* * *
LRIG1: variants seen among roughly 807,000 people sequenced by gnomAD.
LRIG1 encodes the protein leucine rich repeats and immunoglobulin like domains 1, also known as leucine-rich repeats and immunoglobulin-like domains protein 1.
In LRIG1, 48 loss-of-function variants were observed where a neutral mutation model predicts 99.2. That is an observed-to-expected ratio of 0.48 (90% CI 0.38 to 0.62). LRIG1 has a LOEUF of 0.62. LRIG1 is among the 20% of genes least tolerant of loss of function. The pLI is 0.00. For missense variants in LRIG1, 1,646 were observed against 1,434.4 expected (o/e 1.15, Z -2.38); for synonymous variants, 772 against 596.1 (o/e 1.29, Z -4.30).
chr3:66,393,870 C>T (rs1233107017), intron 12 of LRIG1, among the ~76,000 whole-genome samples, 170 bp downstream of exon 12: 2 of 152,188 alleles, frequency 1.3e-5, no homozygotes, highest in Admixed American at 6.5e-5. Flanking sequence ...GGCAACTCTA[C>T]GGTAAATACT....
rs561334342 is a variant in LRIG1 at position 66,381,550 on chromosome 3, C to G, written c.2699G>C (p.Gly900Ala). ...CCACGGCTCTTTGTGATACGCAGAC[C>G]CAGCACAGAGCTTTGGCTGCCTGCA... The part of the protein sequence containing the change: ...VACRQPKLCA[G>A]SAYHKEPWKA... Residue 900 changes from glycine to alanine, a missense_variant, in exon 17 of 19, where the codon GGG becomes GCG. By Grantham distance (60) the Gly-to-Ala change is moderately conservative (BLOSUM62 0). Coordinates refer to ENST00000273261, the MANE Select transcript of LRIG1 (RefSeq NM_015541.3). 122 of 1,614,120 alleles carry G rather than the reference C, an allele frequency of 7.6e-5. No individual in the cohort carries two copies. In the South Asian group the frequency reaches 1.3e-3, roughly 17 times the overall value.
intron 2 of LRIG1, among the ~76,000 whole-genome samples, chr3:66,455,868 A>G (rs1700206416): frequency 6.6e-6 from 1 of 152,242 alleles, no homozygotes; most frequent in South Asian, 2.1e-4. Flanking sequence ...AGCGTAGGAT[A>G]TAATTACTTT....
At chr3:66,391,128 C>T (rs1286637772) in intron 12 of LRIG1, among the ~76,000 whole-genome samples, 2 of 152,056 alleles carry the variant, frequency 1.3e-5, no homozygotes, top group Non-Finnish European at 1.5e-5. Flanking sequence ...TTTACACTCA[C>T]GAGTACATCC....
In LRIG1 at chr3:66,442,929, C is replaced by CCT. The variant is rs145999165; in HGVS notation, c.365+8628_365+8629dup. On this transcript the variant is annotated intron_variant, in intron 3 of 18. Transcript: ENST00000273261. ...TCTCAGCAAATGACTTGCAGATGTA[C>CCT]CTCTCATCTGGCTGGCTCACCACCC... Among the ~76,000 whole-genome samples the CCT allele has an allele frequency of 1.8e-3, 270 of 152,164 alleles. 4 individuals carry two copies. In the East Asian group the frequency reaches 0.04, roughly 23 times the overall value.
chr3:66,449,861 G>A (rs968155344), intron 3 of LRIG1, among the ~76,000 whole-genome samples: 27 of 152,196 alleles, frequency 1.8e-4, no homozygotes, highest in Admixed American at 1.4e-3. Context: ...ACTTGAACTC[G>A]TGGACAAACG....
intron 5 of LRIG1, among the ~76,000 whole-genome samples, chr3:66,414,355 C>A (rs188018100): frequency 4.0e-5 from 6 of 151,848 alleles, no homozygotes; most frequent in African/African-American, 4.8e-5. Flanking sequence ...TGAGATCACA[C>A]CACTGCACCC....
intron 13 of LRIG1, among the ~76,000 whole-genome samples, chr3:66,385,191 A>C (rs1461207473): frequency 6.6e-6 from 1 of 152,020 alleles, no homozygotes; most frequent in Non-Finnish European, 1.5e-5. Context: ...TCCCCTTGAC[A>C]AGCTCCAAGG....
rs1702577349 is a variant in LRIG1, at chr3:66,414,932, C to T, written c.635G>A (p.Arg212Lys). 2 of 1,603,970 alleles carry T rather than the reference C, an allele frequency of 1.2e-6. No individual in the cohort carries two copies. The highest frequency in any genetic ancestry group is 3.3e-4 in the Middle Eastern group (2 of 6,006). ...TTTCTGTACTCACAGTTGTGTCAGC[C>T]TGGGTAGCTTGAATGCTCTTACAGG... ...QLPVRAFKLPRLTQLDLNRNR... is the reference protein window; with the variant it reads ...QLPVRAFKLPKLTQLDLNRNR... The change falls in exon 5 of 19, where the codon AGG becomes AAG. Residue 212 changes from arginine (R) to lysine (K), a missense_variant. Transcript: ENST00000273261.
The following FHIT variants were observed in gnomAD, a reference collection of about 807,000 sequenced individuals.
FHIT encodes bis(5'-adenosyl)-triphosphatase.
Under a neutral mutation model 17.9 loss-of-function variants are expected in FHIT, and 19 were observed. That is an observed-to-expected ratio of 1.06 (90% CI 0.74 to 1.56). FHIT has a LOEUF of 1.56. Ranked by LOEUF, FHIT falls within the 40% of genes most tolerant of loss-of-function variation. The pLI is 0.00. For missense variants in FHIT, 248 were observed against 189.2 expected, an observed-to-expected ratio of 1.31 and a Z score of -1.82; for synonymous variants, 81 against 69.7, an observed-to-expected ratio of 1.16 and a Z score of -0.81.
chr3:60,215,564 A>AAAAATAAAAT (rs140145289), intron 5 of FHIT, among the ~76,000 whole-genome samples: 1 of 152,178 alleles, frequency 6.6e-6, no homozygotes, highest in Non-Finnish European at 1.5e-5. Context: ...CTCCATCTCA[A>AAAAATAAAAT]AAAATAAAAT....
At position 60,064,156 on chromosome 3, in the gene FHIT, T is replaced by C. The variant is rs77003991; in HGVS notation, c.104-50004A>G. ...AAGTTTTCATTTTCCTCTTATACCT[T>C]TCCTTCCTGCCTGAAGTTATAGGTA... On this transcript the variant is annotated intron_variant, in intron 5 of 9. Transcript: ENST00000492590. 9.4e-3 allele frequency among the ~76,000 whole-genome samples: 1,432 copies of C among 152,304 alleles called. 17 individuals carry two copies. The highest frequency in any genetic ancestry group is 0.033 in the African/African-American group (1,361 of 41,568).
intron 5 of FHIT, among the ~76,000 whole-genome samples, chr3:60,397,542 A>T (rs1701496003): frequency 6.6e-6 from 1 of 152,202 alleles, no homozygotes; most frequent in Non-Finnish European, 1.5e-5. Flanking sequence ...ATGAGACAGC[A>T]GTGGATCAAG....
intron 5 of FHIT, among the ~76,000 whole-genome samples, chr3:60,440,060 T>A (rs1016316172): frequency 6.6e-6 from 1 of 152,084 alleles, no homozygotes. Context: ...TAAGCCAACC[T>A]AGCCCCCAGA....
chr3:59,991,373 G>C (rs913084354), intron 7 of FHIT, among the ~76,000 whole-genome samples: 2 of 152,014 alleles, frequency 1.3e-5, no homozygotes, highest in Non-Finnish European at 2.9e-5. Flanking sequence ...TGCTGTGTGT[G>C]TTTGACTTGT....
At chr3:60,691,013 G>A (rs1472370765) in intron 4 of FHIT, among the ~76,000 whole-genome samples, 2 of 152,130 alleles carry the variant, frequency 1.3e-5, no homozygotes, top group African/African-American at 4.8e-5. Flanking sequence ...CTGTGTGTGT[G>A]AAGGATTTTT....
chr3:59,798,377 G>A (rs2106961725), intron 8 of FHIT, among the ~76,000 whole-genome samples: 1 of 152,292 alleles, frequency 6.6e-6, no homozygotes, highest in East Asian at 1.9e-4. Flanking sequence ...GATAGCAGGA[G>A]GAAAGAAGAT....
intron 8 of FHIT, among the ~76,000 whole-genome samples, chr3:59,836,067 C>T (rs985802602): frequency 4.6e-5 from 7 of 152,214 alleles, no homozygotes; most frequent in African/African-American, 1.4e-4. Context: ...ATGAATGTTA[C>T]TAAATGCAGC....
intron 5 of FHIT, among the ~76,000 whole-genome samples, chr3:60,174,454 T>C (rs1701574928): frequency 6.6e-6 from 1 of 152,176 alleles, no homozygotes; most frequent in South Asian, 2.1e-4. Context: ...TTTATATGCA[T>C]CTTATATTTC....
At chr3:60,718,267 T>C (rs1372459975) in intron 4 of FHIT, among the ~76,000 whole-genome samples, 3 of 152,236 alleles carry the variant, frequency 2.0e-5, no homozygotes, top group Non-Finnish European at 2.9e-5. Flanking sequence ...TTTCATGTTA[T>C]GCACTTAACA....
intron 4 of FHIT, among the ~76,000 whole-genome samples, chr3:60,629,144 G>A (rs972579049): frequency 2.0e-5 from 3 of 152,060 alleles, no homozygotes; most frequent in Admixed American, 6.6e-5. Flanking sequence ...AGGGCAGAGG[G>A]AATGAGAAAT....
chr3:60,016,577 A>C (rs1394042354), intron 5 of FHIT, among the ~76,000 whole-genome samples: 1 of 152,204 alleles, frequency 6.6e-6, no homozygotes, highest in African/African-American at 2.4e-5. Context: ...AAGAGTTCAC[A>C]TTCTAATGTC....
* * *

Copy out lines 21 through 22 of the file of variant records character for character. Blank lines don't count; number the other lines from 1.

At chr3:60,691,013 G>A (rs1472370765) in intron 4 of FHIT, among the ~76,000 whole-genome samples, 2 of 152,130 alleles carry the variant, frequency 1.3e-5, no homozygotes, top group African/African-American at 4.8e-5. Flanking sequence ...CTGTGTGTGT[G>A]AAGGATTTTT....
chr3:59,798,377 G>A (rs2106961725), intron 8 of FHIT, among the ~76,000 whole-genome samples: 1 of 152,292 alleles, frequency 6.6e-6, no homozygotes, highest in East Asian at 1.9e-4. Flanking sequence ...GATAGCAGGA[G>A]GAAAGAAGAT....